Another potential theory for the decline is that more women with opioid use disorder are receiving buprenorphine at primary care offices, where they are also getting birth control and having fewer babies, Brown speculated. (Methadone clinics don’t focus on reproductive health.) The area certainly has seen a marked increase in access to buprenorphine.

In addition, Penobscot County, like Maine as a whole and even Cumberland County, has seen a slow decline in the overall number of births.

But it’s not clear that access to birth control in the Bangor region has actually improved.

Dr. Noah Nesin, vice president of medical affairs at Penobscot Community Health Care, said the organization does not have data on the number of women with opiate use disorder who have birth control, but there is no indication that there’s been a dramatic increase. In fact, some women still struggle to access the most effective forms of contraception — implants or intrauterine devices — because of transportation or cost barriers, he said.

A far more worrying theory is that so many women of child-bearing age have died, such as by overdose, that it’s cut short the number of babies who would have been born.

“I’d hate to think it’s a phenomenon like that affecting women of child-bearing age in this state,” Nesin said.

Women have been hit hard by the opioid crisis. Between 1999 and 2015, the rate of deaths from prescription opioid overdoses increased 471 percent among women in the United States, compared with an increase of 218 percent among men, according to the federal Office on Women’s Health. Heroin deaths among women increased at more than twice the rate of the increase among men.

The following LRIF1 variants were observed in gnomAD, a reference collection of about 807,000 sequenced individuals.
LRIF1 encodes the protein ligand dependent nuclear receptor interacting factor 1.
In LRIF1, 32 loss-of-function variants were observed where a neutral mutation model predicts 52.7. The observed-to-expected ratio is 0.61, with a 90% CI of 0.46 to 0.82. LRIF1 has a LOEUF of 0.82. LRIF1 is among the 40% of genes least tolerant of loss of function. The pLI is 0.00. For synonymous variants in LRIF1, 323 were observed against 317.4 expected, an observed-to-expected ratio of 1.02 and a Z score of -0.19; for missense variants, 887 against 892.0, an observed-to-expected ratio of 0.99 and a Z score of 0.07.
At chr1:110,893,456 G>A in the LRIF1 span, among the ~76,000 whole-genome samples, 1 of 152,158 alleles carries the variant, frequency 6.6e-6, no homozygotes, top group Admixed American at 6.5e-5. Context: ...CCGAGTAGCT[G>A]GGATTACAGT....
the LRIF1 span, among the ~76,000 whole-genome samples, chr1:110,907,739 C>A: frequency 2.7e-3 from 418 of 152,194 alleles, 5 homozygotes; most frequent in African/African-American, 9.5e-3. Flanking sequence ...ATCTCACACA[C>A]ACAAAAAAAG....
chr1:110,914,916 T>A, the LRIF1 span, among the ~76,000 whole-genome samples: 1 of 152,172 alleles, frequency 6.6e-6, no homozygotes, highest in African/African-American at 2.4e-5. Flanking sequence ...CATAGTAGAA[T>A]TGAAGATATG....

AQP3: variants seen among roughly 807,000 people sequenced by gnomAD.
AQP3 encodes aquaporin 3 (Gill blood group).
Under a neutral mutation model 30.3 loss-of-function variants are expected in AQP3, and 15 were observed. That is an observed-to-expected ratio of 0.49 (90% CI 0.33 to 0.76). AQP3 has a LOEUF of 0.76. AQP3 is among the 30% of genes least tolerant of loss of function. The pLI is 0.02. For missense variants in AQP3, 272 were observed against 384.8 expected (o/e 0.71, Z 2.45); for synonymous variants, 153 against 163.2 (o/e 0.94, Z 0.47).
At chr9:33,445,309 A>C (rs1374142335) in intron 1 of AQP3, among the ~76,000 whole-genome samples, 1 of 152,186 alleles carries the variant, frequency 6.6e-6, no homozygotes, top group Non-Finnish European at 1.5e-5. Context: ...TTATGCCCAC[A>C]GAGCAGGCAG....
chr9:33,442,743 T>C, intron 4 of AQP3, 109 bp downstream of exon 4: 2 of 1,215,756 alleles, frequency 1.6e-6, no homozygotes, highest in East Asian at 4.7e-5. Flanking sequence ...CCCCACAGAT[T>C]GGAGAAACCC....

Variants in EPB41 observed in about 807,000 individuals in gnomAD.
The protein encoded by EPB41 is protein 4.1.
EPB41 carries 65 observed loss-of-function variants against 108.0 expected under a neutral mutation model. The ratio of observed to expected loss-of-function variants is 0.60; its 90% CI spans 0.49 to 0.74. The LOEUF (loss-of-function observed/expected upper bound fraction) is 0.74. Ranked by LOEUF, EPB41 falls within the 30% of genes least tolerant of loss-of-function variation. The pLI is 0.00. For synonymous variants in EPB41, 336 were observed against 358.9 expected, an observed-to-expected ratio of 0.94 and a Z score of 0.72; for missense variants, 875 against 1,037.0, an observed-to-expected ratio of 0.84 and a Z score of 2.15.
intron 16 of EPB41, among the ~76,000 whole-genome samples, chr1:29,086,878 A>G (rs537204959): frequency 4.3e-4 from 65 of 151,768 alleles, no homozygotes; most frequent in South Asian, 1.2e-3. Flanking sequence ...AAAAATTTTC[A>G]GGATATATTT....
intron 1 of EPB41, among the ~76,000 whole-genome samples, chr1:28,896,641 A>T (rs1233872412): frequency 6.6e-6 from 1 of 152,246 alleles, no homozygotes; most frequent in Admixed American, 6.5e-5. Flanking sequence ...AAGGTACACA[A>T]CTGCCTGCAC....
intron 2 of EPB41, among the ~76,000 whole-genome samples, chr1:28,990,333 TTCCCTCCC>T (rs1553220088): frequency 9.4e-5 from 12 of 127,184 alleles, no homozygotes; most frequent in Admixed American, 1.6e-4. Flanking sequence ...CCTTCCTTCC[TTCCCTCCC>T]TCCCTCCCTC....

In addition, between 2012 and 2017, the number of women in Maine who died of opioid overdoses tripled, increasing to 90 up from 32, according to the Kaiser Family Foundation. And there was a recent spike in drug- and alcohol-induced deaths among women in Penobscot County. (Men still make up the bulk of people who die from drugs.)

But Dr. Marcella Sorg, who compiles drug overdose trends for the Maine attorney general’s office, said she has not noticed an increase in overdoses among women of childbearing age.

It appears that there has, however, been a decrease in pregnant women, primarily without insurance, who are in treatment for substance use disorder, according to the Maine Department of Health and Human Services.

In southern Maine, fewer pregnant women have also been choosing methadone, but they switched to buprenorphine instead. “Over the years our methadone numbers have gone down, and they’ve been replaced by buprenorphine,” said Picarillo, with Maine Medical Center in Portland.

Today, about 85 to 90 percent of opioid-exposed newborns born at the state’s largest hospital are to mothers in treatment, he said. For each woman on methadone, there are about three on buprenorphine.

While newborns can experience withdrawal — including tremors, twitching and persistent crying — when their mothers take methadone or buprenorphine, the symptoms are usually milder than with street drugs.

Unlike at Northern Light Eastern Maine Medical Center, it appears the number of opioid-exposed newborns born at Maine Medical Center has remained steady. It had 100 opioid-exposed babies in 2016, 122 in 2017 and 201 in 2018, Picarillo said. In the first quarter of 2019, it had 21.

Mark Moran, the family support services coordinator and a licensed clinical social worker at the Bangor hospital, said the neonatal intensive care unit is still busy, even if there’s been a decline in opiate-exposed babies.

“These families are complex enough in many cases,” he said. “I’m not sure if we’ve consciously felt a big difference in terms of workload or in terms of the nature of the patients.” When it comes to the decline in babies born to mothers taking methadone, “It’s too soon to tell [the reason], and there are too many complicating factors to clearly answer that question,” he said.

Maine Focus is a journalism and community engagement initiative at the Bangor Daily News. Questions? Write to mainefocus@bangordailynews.com.